Avant-garde theorist and architect Bernard Tschumi is equally well known for his writing and his practice. Architecture and Disjunction , which brings together Tschumi's essays from to , is a lucid and provocative analysis of many of the key issues that have engaged architectural discourse over the past two decades--from deconstructive theory to recent concerns with the notions of event and program. The essays develop different themes in contemporary theory as they relate to the actual making of architecture, attempting to realign the discipline with a new world culture characterized by both discontinuity and heterogeneity. Included are a number of seminal essays that incited broad attention when they first appeared in magazines and journals, as well as more recent and topical texts.
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Hey there! Thanks for dropping by Andrew Pun! Take a look around and grab the RSS feed to stay updated. See you around! To this point I would argue architects should have foresight and design with long-term in mind.
While we may enjoy spatial aggravation like a rock concert once a while, we would not enjoy it on a nightly occurrence, and therefore should not base our decisions on impulsive sensations alone. Tschumi touches on the idea of intent versus reality, and while architectural theory tends to purify or ritualize architecture, architecture is more often subject to intense relationships by its users.
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Bernard Tschumi – Violence of Architecture
I would suggest chaos as a term to better describe this condition. The idea of bodies carving into space does formulate a disturbance of an architectural order, however perceiving it as an intrusion implies a negative connotation of architecture being utilized; almost as if its static state as an art piece is the extension of its tangible use in society. Imposition into a space gives it life, yet also destroys its apparent perfection. This reading does highlight the potential influences architecture can create and the power it contains in the experience of a space. Acknowledgement of this power is important, as demonstrated through designs aimed towards sensory deprivation. By no means should this intense negative emotion be emphasized in modern creation, and is indeed much different in comparison to identifying a space as deterministic of human program.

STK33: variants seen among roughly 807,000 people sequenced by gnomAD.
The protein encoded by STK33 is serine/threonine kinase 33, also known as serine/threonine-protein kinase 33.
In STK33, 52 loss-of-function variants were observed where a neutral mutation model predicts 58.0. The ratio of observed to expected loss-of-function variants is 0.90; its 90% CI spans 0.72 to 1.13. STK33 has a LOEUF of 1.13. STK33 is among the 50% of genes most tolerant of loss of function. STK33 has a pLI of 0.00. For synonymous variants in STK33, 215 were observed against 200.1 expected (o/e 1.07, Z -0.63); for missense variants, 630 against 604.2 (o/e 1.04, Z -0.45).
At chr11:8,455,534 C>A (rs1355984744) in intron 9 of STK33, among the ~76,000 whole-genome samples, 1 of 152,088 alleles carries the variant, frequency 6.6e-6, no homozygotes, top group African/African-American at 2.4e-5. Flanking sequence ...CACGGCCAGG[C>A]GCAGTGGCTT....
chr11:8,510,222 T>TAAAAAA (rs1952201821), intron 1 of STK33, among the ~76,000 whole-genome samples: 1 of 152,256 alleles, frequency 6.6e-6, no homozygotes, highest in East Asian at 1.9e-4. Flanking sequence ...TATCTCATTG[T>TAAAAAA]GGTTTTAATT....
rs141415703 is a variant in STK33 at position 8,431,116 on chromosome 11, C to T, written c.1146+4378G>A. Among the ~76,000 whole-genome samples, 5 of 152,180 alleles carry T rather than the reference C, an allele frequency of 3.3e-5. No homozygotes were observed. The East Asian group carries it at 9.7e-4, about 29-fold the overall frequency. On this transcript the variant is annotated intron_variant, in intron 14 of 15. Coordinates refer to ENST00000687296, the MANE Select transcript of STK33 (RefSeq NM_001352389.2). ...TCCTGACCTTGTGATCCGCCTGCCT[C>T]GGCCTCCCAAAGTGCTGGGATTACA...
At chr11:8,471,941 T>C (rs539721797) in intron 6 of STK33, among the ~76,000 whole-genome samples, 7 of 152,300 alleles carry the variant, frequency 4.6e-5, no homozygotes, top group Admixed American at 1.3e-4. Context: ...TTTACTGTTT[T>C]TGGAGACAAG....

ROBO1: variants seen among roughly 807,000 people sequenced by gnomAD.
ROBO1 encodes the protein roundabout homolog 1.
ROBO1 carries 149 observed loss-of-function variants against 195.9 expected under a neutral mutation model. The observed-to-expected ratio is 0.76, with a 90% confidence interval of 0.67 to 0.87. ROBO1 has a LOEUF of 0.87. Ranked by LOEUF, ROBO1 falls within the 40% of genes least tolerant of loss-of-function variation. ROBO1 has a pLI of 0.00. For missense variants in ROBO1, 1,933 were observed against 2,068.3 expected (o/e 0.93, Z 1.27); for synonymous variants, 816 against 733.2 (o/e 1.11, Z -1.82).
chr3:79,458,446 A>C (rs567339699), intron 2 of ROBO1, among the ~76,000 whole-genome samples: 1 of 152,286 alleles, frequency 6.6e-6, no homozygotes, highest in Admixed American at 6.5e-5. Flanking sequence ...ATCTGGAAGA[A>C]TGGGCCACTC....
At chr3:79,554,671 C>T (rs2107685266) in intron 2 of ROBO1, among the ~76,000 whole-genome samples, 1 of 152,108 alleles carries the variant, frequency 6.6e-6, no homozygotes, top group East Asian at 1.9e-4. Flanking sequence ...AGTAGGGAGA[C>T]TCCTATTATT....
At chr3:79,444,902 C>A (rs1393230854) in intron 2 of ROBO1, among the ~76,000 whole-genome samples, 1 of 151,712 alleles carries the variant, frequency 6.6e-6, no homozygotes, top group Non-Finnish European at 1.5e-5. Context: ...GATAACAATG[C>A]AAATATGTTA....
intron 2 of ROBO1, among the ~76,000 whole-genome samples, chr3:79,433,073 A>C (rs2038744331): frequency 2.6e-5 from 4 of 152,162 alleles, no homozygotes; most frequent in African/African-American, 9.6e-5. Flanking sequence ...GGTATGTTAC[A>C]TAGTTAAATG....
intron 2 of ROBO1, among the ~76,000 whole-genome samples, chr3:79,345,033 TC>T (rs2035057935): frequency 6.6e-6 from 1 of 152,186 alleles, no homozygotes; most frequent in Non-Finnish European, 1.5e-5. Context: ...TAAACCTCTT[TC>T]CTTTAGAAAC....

Tschumi Violence of Architecture Review
The chapter S pace violating bodies establishes the basis of such a postulate. However Tschumi does not elaborate on the political implications of such a control but rather attempts to distinguish a Dionysian dimension of architecture out of it. But if bodies violate the purity of architectural spaces, one might rightly wonder about the reverse: the violence inflicted by narrow corridors on large crowds, the symbolic or physical violence of buildings on users. A word of warning: I do not wish to resurrect recent behaviorist architectural approaches. Instead, I wish simply to underline the mere existence of a physical presence and the fact that it begins quite innocently, in an imaginary sort of way. The place your body inhabits is inscribed in your imagination, your unconscious, as a space of possible bliss. Or menace.
Lecture 2: Bernard Tschumi, “Architecture of Violence”
There is no architecture without action, no architecture without events, no architecture without program. By extension, there is no architecture without violence. The second statement argues that although the logic of objects and the logic of man are independent in their relations to the world, they inevitably face one another in an intense confrontation. Any relationship between a building and its users is one of violence, for any use means the intrusion of a human body into a given space, the intrusion of one order into another. This intrusion is inherent in the idea of architecture; any reduction of architecture to its spaces at the expense of its events is as simplistic as the reduction of architecture. Artforum print subscribers have full access to this article.
# ARCHITECTURAL THEORIES /// Space violating bodies by Bernard Tschumi
The main theme in which this reading, Violence of Architecture by Bernard Tschumi, is placed is Communication in Architecture. This reading specifically refers to the authors perspective on the intensities of interactions between humans, program, spaces and the symmetrical or asymmetrical relationships therein [pg. Violence or the intensity of a relationship between individuals and their surrounding spaces [pg. Whether we like it or not, violence, in this context, is bound to happen with varying levels of degree. In Tschumis words, It is not a question of knowing which comes first, movement or space, which molds the other, for ultimately a deep bond is involved.